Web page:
The radical left’s utter contempt for virtually all the respected bulwarks and bastions of American life questioned the legitimacy of everything from the paternalistic nuclear family to the importance of professional success—and capitalism itself. Their stigmatization of our most basic and powerful institutions, including the Presidency, Congress, Military, Big Business, Police, and University, went mainstream. The country fell into psychological and social free fall, and something of a funk.

But there is a backlash to radical change of almost any sort. And there was something of a counter revolution brewing under the surface of the anomie of the 1970s that lead to the election of Ronald Reagan and a very different Republican establishment in 1980.

During all the societal craziness 1960s and 70s, the East Coast Republican establishment still maintained a polite, proper, and buttoned-down public persona. It had the content and confident upper class WASP ethos of “never complain, explain, or apologize”. It was not an especially talented elite, but they would buy their brains from the best and the brightest at elite universities.

This arrangement worked rather well—except for the mess in Southeast Asia. Nationally, there was a high level of technical competence in most aspects of American life. The successful NASA lunar landing and moon walk in July of 1969 epitomized this uniquely American “can do” spirit. The populist philosopher and longshoreman, Eric Hoffer, described the Apollo space program as “a triumph of the squares”.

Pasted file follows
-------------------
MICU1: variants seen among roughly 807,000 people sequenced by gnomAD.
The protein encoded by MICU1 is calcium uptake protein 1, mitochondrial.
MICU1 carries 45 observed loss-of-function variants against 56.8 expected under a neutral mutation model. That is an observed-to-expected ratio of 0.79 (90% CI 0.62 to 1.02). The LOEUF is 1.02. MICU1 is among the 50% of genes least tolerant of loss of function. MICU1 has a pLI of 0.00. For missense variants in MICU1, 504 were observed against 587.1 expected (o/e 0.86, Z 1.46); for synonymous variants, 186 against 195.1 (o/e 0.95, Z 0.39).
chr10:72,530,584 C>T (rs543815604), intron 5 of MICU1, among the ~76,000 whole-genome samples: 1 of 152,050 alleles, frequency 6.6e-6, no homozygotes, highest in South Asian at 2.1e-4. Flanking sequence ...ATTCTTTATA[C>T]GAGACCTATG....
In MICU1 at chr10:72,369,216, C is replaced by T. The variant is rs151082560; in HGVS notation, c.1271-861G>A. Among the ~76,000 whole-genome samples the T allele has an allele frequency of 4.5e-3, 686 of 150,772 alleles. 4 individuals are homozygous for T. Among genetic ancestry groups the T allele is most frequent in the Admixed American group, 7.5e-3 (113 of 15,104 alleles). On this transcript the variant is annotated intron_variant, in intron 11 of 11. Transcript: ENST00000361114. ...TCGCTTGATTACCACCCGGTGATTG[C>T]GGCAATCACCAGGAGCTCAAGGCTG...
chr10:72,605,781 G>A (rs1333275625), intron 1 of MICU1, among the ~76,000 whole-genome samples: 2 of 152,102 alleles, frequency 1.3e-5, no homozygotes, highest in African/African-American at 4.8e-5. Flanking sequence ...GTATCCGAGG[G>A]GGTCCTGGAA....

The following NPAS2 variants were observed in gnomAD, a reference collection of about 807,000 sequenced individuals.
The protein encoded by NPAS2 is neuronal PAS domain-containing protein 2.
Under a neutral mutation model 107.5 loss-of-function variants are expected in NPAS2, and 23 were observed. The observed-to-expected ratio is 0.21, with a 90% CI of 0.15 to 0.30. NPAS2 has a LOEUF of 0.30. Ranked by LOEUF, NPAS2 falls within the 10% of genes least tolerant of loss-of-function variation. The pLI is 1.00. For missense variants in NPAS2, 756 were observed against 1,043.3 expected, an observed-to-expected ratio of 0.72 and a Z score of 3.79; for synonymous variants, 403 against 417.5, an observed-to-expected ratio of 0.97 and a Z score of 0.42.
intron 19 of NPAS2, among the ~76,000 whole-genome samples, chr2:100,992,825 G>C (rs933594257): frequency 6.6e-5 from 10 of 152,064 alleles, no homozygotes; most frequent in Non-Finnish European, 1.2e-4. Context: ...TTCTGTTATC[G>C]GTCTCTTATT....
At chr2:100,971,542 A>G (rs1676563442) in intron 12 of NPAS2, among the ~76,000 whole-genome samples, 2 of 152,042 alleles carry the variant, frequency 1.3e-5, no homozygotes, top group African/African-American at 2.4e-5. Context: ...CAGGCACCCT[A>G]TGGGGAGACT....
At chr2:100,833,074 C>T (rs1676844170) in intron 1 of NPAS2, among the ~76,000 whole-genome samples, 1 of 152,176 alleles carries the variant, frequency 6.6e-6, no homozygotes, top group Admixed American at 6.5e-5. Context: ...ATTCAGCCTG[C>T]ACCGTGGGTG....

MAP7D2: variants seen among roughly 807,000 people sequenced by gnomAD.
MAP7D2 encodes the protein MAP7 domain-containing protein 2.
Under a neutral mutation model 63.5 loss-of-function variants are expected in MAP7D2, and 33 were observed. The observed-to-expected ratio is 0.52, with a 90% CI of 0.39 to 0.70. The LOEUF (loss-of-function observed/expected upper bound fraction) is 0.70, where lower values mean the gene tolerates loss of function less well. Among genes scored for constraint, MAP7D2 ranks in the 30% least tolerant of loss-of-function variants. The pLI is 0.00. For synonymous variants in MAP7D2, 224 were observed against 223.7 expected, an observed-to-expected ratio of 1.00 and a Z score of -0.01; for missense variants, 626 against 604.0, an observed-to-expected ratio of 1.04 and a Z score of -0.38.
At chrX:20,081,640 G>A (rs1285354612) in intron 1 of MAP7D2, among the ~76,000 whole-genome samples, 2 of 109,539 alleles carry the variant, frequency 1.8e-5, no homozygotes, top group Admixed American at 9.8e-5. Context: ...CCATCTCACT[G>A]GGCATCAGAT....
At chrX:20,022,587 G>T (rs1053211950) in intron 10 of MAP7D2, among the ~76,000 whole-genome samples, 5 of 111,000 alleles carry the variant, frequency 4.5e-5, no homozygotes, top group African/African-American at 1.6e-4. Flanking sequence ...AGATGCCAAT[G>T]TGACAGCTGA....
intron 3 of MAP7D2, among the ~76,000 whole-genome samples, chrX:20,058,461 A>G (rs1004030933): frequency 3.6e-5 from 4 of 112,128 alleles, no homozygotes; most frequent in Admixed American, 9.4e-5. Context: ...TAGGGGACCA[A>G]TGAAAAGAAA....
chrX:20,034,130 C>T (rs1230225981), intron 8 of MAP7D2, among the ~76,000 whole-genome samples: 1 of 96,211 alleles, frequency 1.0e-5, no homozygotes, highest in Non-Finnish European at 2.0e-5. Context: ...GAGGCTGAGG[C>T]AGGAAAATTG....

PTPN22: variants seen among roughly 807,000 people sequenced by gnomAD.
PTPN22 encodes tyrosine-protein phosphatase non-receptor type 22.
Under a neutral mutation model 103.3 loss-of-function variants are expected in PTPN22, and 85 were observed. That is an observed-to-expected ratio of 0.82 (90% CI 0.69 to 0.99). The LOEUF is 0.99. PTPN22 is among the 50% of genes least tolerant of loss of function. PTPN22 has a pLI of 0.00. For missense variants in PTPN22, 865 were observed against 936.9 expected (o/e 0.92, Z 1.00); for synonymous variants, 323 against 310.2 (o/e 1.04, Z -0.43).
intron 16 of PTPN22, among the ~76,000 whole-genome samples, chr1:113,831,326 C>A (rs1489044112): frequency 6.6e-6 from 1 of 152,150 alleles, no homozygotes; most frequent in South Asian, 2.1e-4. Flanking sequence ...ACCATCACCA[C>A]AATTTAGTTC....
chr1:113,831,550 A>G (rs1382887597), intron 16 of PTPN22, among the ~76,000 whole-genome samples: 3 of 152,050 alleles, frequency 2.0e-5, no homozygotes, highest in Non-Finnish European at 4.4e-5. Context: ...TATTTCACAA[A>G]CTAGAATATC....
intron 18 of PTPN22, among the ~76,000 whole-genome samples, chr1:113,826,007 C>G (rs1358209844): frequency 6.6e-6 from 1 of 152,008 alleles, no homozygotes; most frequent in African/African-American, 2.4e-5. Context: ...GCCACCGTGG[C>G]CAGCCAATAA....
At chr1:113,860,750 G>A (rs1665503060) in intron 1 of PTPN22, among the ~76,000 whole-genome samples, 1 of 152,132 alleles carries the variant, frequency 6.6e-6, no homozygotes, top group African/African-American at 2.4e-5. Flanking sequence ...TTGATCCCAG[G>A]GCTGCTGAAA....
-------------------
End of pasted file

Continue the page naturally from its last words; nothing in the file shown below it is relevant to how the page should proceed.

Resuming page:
This was in sharp contrast to the unkempt, wild-eyed-let-it-all-hang-out revolutionary look of the far left. The media-savvy radical activist Abbie Hoffman personified this childlike cluelessness when asked about the charge of conspiracy at his famous Chicago 7 trial. He replied— “Conspiracy? Hell, we couldn’t agree on lunch.”

For me, the most astounding quality of American capitalism is its ability to absorb, re-engineer, and monetize any fad, fashion, trend, or even adversarial political ideology. Hippie granola becomes snack bars. My little Ford Maverick was painted an “Anti-establishment Mint” green color. The ideals of self-actualization and personal fulfillment over traditional nostrums of duty and thrift were easily integrated into Ronald Reagan’s “Morning In America.” These included absurdly low taxes on the rich while continuing government spending on social programs that were an anathema to the far right of the Republican party.

It is important to note that Reagan, as the GOP’s front man, was America’s first divorced president. He was a former left-leaning Catholic FDR Democrat, and president of an influential actors’ union. As governor of California he had a pronounced proclivity for compromise with Democratic lawmakers.
But there was the dark underbelly to all the sunny optimistic talk. It was the emerging “Southern Strategy” with all its racist and anti-black dog whistles like “welfare queens”, “family values”, and “law & order”.